Noah’s favorite part of pre-school is seeing her friends. Her second favorite part is painting at the classroom easels. She used to paint thick multi-colored dots. Now she’s going through a period where she paints the entire sheet of paper
pink with broad brushstrokes, but leaves a small section available for an accent color. I imagine she was standing at her favorite easel, paintbrush in hand, when the announcement came that everyone had to leave, immediately. She was instructed to take her pink winter coat but leave her Hello Kitty lunchbox. She and her friends were shuffled out of the building and walked to the hotel next door where they were told “the fire chief has to go into our building” and that they were being picked up from school immediately.
As you may have deduced, Noah attends the early childhood program at the JCC on the Hudson, where there was a bomb threat on Monday. Our JCC is one of 100 bomb threats called into JCCs since early 2017. When I got the message, I wasn’t surprised. I had prepared myself for this, knowing that it was just a matter of time until our JCC made the call list.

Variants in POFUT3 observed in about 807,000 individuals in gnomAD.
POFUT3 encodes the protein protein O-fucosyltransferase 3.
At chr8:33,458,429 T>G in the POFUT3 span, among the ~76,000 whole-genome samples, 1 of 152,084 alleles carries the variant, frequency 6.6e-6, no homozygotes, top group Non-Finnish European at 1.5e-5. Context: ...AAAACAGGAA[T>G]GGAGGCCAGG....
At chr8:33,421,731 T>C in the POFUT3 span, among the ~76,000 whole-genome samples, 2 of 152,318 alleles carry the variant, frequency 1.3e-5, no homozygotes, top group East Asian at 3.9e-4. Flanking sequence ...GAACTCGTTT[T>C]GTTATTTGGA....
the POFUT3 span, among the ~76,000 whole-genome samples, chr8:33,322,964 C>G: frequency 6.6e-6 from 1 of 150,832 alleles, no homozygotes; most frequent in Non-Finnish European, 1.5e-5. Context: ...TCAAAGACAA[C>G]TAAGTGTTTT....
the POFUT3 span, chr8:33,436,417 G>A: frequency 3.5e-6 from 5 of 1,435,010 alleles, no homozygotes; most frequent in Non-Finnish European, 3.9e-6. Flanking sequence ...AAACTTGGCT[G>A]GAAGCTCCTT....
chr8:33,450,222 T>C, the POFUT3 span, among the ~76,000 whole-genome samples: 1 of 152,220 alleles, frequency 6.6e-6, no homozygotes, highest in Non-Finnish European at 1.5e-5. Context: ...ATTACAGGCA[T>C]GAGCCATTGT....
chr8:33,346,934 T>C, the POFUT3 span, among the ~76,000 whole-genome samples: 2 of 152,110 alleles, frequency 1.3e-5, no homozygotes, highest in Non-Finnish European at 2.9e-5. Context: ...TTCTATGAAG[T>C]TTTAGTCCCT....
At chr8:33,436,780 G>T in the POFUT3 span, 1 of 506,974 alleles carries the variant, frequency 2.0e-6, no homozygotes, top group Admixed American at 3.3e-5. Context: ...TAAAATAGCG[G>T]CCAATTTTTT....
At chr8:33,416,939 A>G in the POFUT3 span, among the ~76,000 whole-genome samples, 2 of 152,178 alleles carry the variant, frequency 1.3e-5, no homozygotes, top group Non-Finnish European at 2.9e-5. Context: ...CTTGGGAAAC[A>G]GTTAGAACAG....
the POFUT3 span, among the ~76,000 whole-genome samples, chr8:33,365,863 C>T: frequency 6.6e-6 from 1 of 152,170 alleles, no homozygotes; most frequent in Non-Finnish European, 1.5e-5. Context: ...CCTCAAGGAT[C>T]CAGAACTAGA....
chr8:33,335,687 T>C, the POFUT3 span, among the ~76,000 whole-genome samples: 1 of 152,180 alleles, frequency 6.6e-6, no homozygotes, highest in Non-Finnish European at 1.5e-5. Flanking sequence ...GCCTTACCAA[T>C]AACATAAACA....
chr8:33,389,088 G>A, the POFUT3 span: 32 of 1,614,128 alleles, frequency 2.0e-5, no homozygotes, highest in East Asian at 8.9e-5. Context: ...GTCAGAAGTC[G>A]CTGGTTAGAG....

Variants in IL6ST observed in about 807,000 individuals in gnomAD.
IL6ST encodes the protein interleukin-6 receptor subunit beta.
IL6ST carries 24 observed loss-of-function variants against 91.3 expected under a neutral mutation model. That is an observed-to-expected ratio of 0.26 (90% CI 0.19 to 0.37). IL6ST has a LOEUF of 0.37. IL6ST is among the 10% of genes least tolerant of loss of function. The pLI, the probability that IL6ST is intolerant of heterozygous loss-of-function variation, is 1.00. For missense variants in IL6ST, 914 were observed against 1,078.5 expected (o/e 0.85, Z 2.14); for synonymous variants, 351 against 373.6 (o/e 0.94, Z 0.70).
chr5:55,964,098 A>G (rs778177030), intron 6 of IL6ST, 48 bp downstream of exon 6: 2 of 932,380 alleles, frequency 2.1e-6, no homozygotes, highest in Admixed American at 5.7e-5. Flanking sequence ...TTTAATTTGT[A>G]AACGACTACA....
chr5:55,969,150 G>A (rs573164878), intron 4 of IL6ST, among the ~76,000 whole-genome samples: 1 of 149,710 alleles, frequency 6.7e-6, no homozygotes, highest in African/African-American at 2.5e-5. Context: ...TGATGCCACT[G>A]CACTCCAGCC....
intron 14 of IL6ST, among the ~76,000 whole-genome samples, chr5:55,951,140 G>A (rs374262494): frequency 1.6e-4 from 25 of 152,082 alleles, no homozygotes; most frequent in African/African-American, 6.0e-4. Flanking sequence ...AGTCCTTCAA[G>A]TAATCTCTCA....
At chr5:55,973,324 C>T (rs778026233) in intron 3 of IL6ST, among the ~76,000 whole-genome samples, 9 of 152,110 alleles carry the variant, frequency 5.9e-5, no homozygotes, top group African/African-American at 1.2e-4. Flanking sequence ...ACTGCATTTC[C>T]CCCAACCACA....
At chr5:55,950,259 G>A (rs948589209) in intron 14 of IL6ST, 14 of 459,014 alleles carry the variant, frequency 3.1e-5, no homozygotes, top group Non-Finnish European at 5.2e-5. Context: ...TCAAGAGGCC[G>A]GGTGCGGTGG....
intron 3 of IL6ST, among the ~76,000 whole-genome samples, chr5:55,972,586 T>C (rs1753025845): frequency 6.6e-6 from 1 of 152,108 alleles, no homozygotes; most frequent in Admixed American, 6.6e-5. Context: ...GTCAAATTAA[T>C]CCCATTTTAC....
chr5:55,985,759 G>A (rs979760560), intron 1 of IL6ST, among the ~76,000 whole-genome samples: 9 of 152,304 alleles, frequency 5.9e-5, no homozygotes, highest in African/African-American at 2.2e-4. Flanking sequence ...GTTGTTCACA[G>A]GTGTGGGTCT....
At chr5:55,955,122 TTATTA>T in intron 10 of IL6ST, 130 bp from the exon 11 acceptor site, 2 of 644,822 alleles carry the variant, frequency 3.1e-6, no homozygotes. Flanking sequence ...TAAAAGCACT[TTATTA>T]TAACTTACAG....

All of these threats have been hoaxes, but all had to be treated seriously. Noah is one of hundreds of Jewish preschoolers who have had their mornings disrupted and their Hello Kitty lunchboxes left to have “a sleepover at school.”
And thank God it was only that: a morning disrupted.
I approach this rather minor incident in our lives with a great deal of perspective. Yes, these phone calls are terrorism – meant to confuse, intimidate and scare the Jewish community – but they are by no means the worst our people have experienced. And certainly, they pale in comparison to the fear undocumented workers feel anytime they leave their homes, or the violence inflicted against people of color our
I understand my privilege and safety as a white, cisgender woman. And still, Monday’s incident here in the Rivertowns leaves me rattled. Maybe it is because it comes on the heels of the desecration of Jewish cemeteries…and a few months after the entrance sign to my seminary, HUC, was desecrated for the very first time in century with a swastika. I worry for the well-being of my family: three out of the four of us spend our entire days in decidedly JEWISH institutions (Asher gets to play blocks and nap at home all day, lucky him). I also worry because history has proven an undeniable trend: hate against a particular group begins with hateful graffiti, business boycotts and damage to property. It eventually escalates to violence to human beings themselves.